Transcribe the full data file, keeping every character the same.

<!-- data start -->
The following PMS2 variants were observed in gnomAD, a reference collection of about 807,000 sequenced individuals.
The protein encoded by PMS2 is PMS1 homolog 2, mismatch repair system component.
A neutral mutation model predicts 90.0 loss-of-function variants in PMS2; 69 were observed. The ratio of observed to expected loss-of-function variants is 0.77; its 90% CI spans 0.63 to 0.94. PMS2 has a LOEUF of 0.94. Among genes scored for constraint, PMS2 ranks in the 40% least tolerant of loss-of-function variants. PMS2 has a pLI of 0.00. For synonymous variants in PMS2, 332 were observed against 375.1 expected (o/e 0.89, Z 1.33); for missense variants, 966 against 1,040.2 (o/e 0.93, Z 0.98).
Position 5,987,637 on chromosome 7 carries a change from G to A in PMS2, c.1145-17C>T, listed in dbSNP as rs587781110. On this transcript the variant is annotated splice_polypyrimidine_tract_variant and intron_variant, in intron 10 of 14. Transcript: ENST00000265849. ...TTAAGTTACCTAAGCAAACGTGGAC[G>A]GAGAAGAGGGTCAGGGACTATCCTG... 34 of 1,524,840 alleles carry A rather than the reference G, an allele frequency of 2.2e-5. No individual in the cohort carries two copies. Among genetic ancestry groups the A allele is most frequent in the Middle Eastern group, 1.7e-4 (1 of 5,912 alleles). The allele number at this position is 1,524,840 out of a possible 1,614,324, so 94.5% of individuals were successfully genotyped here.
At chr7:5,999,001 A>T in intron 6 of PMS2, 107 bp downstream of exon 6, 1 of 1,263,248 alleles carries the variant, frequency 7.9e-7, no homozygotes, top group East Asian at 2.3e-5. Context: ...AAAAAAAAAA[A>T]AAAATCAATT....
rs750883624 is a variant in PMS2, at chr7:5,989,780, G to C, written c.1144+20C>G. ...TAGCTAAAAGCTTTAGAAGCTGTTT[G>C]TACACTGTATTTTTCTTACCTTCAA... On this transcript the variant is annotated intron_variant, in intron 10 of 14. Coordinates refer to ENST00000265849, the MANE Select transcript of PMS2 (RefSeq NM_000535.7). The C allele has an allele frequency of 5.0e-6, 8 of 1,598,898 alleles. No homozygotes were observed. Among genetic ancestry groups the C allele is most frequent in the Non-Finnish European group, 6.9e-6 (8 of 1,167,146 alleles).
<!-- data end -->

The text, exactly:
The following PMS2 variants were observed in gnomAD, a reference collection of about 807,000 sequenced individuals.
The protein encoded by PMS2 is PMS1 homolog 2, mismatch repair system component.
A neutral mutation model predicts 90.0 loss-of-function variants in PMS2; 69 were observed. The ratio of observed to expected loss-of-function variants is 0.77; its 90% CI spans 0.63 to 0.94. PMS2 has a LOEUF of 0.94. Among genes scored for constraint, PMS2 ranks in the 40% least tolerant of loss-of-function variants. PMS2 has a pLI of 0.00. For synonymous variants in PMS2, 332 were observed against 375.1 expected (o/e 0.89, Z 1.33); for missense variants, 966 against 1,040.2 (o/e 0.93, Z 0.98).
Position 5,987,637 on chromosome 7 carries a change from G to A in PMS2, c.1145-17C>T, listed in dbSNP as rs587781110. On this transcript the variant is annotated splice_polypyrimidine_tract_variant and intron_variant, in intron 10 of 14. Transcript: ENST00000265849. ...TTAAGTTACCTAAGCAAACGTGGAC[G>A]GAGAAGAGGGTCAGGGACTATCCTG... 34 of 1,524,840 alleles carry A rather than the reference G, an allele frequency of 2.2e-5. No individual in the cohort carries two copies. Among genetic ancestry groups the A allele is most frequent in the Middle Eastern group, 1.7e-4 (1 of 5,912 alleles). The allele number at this position is 1,524,840 out of a possible 1,614,324, so 94.5% of individuals were successfully genotyped here.
At chr7:5,999,001 A>T in intron 6 of PMS2, 107 bp downstream of exon 6, 1 of 1,263,248 alleles carries the variant, frequency 7.9e-7, no homozygotes, top group East Asian at 2.3e-5. Context: ...AAAAAAAAAA[A>T]AAAATCAATT....
rs750883624 is a variant in PMS2, at chr7:5,989,780, G to C, written c.1144+20C>G. ...TAGCTAAAAGCTTTAGAAGCTGTTT[G>C]TACACTGTATTTTTCTTACCTTCAA... On this transcript the variant is annotated intron_variant, in intron 10 of 14. Coordinates refer to ENST00000265849, the MANE Select transcript of PMS2 (RefSeq NM_000535.7). The C allele has an allele frequency of 5.0e-6, 8 of 1,598,898 alleles. No homozygotes were observed. Among genetic ancestry groups the C allele is most frequent in the Non-Finnish European group, 6.9e-6 (8 of 1,167,146 alleles).